Rec Hockey: It’s Really a Mental Game

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It’s not how fast you skate or how hard you shoot. Hockey is a mental game.

 

 

By Lindsay Eastwood

 

People often believe that one’s ability to play hockey is simply how fast you can skate or how hard you can shoot the puck. Hockey however has many more aspects to it, including the mental game.

Having played hockey since the age of six, the way I train for the game has changed and developed over the years. At first I started out simply just by learning: I learned how to skate, how to shoot, and the rules of the game. Once I learned the game I practiced to enhance those skills and of course have fun playing. As I got older, I took my training off the ice as well. I worked out in the gym to get stronger and sprinted on the track to get faster. Hockey became something I wanted to be the best at and wanted to take to the next level. I was always told that to get to the next level I needed to become faster; I needed to get stronger.

 

10% Physical, 90% Mental

Unfortunately nobody ever taught me how to train for my mental game, especially when it’s said, “Hockey is 10% physical, and 90% mental.” Sure, coaches always teach us to be focused, to be positive and to be competitive, but I never learned just how.

When it comes to playing hockey, being focused is key: You need to concentrate on the task at hand and be in the moment. Having a positive attitude is essential and can take you miles. Also, being competitive is how you win a hockey game—it’s that desire to go and get the puck in the corner and make something good happen. These are all aspects of the mental game of hockey that, if we practiced, we could take our game above and beyond. Your attitude is everything and will only take you as far as you want it to. The best thing about your attitude is that you can control it 100%. The mental game is all under your control, so training it is a no-brainer.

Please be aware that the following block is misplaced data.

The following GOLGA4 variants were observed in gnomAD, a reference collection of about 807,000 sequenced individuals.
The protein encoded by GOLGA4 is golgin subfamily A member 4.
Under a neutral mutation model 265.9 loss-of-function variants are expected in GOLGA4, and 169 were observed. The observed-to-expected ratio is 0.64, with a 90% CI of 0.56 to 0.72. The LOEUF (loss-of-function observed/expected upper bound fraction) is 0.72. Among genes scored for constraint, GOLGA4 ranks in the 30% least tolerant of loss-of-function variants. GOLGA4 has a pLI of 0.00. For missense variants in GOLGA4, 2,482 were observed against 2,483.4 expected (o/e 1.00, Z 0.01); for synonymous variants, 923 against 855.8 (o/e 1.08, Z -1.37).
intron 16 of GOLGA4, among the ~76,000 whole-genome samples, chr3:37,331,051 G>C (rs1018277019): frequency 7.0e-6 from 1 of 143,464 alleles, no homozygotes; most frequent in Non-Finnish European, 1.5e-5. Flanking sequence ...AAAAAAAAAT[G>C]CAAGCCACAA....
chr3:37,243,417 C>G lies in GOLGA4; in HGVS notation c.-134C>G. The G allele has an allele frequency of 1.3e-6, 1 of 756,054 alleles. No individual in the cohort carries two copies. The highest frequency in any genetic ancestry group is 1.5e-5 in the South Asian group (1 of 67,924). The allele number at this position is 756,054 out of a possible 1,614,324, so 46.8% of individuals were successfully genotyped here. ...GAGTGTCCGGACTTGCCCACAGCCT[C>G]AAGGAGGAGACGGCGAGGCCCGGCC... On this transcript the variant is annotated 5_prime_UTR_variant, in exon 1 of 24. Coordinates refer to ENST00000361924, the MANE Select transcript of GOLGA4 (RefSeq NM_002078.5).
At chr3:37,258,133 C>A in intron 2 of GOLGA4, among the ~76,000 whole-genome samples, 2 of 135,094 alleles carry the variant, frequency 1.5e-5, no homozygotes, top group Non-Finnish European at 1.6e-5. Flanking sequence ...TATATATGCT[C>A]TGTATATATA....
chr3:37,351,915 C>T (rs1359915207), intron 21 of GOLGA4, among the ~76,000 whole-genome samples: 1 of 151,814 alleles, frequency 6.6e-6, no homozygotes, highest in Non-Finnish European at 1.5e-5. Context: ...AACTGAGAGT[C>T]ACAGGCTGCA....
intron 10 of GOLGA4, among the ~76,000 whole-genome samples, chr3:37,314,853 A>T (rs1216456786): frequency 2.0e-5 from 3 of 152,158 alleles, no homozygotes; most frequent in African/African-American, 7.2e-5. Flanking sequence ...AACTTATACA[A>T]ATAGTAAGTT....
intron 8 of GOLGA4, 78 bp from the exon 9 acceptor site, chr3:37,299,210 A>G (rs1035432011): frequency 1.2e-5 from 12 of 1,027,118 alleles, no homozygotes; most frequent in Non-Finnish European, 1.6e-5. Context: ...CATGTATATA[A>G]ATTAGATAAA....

As I got older and kept on training for hockey, I added in my mental training regimen. I developed rituals. These pregame rituals help me to focus and prepare for the upcoming game or practice. Every day I focus on my attitude. I always work towards being positive in all situations. In all aspects of life, in tough moments I take a step back and relax, and think about a solution instead of sweating it. Even if it’s something like spilling coffee on myself, I take a deep breath, change out of my wet clothes, and get a new cup of coffee. I could very easily get upset or mad and feel sorry for myself, or I could move on and do something about it.

In the game of hockey you never know what could happen; it is fast paced and things are constantly changing. Being mentally tough allows you to persevere through it all. Of course there are situations beyond your control, such as the officiating, as you are not always going to agree with the calls. You have to push through those outside factors and not let them hinder your performance. Part of the glory of the game of hockey is that you never know what is going to happen next. That’s why your mental game always requires you to be prepared.